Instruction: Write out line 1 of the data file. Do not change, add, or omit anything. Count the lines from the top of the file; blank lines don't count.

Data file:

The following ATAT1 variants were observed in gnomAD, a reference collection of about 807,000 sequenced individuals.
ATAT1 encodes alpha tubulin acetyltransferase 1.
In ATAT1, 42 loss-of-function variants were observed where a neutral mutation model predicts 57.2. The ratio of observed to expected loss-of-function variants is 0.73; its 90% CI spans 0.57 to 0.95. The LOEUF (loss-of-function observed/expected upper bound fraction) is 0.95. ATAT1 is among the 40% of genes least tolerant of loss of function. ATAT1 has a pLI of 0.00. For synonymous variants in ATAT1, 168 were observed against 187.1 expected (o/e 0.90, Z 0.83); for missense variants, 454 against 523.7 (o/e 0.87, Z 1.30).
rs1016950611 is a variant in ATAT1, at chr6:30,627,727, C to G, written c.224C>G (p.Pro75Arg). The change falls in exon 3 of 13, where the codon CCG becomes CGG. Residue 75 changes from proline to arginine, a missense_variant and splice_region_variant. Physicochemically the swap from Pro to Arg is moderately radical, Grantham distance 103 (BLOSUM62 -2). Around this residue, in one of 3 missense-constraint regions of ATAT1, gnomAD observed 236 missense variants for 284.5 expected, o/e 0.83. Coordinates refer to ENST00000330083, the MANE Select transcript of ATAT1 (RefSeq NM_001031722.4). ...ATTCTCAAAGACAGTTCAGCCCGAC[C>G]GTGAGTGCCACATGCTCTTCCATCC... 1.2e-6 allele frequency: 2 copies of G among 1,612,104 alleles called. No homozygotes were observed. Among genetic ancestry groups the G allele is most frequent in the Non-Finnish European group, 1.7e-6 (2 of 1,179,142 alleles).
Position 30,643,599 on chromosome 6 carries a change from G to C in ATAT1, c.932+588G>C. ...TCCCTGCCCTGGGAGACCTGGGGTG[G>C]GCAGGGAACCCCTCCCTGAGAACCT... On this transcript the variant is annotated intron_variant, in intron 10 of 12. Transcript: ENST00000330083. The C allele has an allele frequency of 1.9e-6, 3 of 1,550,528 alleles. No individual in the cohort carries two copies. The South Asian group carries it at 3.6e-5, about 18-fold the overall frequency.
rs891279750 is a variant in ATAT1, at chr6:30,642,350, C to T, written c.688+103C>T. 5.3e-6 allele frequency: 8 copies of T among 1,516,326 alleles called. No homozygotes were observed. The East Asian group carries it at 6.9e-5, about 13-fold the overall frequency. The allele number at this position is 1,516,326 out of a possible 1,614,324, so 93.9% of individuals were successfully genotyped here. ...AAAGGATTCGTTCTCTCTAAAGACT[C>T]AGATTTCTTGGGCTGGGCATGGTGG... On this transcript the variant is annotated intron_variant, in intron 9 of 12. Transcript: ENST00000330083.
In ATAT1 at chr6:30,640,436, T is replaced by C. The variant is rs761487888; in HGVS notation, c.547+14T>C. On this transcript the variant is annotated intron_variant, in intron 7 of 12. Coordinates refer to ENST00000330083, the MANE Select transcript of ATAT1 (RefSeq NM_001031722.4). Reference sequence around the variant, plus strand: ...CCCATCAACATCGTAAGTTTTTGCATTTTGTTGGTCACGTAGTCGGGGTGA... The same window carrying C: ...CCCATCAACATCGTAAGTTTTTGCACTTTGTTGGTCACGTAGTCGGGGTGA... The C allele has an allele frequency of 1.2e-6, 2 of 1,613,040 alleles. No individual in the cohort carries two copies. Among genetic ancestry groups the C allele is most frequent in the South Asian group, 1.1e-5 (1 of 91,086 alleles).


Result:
The following ATAT1 variants were observed in gnomAD, a reference collection of about 807,000 sequenced individuals.